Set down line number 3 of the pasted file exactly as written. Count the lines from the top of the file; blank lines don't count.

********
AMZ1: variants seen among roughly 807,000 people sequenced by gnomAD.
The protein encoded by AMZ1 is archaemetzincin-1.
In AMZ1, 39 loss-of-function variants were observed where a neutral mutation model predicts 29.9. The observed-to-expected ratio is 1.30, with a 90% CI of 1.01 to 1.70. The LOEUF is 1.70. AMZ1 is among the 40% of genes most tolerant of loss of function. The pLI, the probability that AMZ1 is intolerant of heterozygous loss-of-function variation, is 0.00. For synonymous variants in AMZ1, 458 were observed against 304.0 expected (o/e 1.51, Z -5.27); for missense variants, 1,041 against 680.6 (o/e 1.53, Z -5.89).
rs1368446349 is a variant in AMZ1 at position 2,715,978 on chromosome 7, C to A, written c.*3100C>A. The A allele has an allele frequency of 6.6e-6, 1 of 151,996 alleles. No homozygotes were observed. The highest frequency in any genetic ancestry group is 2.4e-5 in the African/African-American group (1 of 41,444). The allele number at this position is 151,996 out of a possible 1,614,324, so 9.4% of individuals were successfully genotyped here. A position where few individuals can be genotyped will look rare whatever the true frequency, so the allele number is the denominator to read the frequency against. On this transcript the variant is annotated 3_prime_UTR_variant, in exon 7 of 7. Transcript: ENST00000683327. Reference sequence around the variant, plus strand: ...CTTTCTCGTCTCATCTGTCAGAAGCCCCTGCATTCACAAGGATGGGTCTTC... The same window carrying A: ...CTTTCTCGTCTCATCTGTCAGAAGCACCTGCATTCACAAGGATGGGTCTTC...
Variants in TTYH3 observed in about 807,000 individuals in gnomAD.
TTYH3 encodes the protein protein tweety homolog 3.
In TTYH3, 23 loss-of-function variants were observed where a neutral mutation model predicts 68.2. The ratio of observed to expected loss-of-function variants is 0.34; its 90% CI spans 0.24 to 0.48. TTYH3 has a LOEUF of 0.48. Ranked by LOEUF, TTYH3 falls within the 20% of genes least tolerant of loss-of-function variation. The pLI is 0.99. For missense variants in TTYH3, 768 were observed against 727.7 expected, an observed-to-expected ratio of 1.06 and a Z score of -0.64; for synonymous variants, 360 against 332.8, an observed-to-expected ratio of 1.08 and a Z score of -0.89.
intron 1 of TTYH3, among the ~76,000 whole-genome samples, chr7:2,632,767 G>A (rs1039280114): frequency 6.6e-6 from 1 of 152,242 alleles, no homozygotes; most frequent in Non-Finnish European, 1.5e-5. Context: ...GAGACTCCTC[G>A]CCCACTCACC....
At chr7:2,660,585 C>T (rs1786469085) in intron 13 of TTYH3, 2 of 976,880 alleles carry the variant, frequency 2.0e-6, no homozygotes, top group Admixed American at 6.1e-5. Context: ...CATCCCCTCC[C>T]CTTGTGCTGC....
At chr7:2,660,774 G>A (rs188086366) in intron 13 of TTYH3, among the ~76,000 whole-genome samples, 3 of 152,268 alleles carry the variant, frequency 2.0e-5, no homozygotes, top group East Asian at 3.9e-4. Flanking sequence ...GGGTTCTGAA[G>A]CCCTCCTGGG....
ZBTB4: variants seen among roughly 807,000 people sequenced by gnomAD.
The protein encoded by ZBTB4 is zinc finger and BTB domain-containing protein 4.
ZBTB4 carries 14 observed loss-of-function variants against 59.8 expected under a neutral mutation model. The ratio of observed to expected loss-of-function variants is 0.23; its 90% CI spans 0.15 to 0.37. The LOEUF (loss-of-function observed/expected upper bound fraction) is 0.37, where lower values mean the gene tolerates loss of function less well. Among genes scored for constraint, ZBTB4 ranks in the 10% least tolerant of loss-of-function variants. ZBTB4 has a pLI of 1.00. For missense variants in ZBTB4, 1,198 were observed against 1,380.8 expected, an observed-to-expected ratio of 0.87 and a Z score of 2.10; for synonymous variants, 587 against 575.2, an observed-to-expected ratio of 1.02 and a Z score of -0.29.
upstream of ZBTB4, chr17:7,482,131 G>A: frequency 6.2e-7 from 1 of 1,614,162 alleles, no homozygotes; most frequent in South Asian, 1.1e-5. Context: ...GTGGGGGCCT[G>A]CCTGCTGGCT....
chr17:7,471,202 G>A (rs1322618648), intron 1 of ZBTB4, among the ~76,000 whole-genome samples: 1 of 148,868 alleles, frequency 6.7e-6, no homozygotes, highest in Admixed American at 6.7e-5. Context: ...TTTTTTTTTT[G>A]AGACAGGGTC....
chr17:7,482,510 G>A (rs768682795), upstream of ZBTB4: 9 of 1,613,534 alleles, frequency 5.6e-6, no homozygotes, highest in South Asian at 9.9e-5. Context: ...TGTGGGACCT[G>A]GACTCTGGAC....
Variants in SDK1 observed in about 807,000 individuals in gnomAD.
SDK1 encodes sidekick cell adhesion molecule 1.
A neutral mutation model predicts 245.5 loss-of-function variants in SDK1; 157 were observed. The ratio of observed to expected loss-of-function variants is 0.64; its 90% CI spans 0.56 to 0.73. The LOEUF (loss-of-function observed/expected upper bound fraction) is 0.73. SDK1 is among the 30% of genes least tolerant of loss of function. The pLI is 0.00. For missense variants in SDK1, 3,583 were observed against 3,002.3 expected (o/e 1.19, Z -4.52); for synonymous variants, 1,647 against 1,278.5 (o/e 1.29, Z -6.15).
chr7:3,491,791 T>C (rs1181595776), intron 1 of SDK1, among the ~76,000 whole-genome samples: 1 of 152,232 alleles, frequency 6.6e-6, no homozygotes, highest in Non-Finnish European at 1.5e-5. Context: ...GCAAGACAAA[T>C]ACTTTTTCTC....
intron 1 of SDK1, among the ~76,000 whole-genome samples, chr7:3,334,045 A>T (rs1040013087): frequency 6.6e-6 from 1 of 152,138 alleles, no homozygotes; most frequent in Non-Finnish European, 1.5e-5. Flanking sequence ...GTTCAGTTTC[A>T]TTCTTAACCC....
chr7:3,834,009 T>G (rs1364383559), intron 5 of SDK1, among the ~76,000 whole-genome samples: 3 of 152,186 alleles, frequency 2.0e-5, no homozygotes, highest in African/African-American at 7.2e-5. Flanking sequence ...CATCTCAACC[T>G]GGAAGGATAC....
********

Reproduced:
In AMZ1, 39 loss-of-function variants were observed where a neutral mutation model predicts 29.9. The observed-to-expected ratio is 1.30, with a 90% CI of 1.01 to 1.70. The LOEUF is 1.70. AMZ1 is among the 40% of genes most tolerant of loss of function. The pLI, the probability that AMZ1 is intolerant of heterozygous loss-of-function variation, is 0.00. For synonymous variants in AMZ1, 458 were observed against 304.0 expected (o/e 1.51, Z -5.27); for missense variants, 1,041 against 680.6 (o/e 1.53, Z -5.89).